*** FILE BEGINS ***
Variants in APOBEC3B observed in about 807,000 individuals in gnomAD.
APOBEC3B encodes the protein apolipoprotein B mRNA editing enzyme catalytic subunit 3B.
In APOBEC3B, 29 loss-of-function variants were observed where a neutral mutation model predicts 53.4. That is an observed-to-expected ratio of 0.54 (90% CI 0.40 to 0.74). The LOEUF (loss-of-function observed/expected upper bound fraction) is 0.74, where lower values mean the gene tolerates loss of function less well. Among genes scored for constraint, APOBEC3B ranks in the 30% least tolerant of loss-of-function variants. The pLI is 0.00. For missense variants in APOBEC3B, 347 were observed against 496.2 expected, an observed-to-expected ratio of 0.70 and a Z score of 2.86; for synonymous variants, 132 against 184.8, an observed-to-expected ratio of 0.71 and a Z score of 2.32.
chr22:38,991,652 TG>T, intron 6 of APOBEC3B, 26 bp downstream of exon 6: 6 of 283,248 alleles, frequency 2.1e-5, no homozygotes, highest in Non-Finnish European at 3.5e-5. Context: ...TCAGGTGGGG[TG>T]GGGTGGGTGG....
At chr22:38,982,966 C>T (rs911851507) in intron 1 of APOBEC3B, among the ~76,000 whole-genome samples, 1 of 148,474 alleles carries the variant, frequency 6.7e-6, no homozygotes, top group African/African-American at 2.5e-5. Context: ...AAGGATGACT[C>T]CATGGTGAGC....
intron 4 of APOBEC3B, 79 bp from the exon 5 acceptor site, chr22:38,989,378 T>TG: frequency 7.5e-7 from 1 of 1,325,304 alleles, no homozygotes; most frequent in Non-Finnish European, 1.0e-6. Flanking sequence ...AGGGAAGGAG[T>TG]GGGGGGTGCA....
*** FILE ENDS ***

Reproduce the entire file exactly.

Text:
Variants in APOBEC3B observed in about 807,000 individuals in gnomAD.
APOBEC3B encodes the protein apolipoprotein B mRNA editing enzyme catalytic subunit 3B.
In APOBEC3B, 29 loss-of-function variants were observed where a neutral mutation model predicts 53.4. That is an observed-to-expected ratio of 0.54 (90% CI 0.40 to 0.74). The LOEUF (loss-of-function observed/expected upper bound fraction) is 0.74, where lower values mean the gene tolerates loss of function less well. Among genes scored for constraint, APOBEC3B ranks in the 30% least tolerant of loss-of-function variants. The pLI is 0.00. For missense variants in APOBEC3B, 347 were observed against 496.2 expected, an observed-to-expected ratio of 0.70 and a Z score of 2.86; for synonymous variants, 132 against 184.8, an observed-to-expected ratio of 0.71 and a Z score of 2.32.
chr22:38,991,652 TG>T, intron 6 of APOBEC3B, 26 bp downstream of exon 6: 6 of 283,248 alleles, frequency 2.1e-5, no homozygotes, highest in Non-Finnish European at 3.5e-5. Context: ...TCAGGTGGGG[TG>T]GGGTGGGTGG....
At chr22:38,982,966 C>T (rs911851507) in intron 1 of APOBEC3B, among the ~76,000 whole-genome samples, 1 of 148,474 alleles carries the variant, frequency 6.7e-6, no homozygotes, top group African/African-American at 2.5e-5. Context: ...AAGGATGACT[C>T]CATGGTGAGC....
intron 4 of APOBEC3B, 79 bp from the exon 5 acceptor site, chr22:38,989,378 T>TG: frequency 7.5e-7 from 1 of 1,325,304 alleles, no homozygotes; most frequent in Non-Finnish European, 1.0e-6. Flanking sequence ...AGGGAAGGAG[T>TG]GGGGGGTGCA....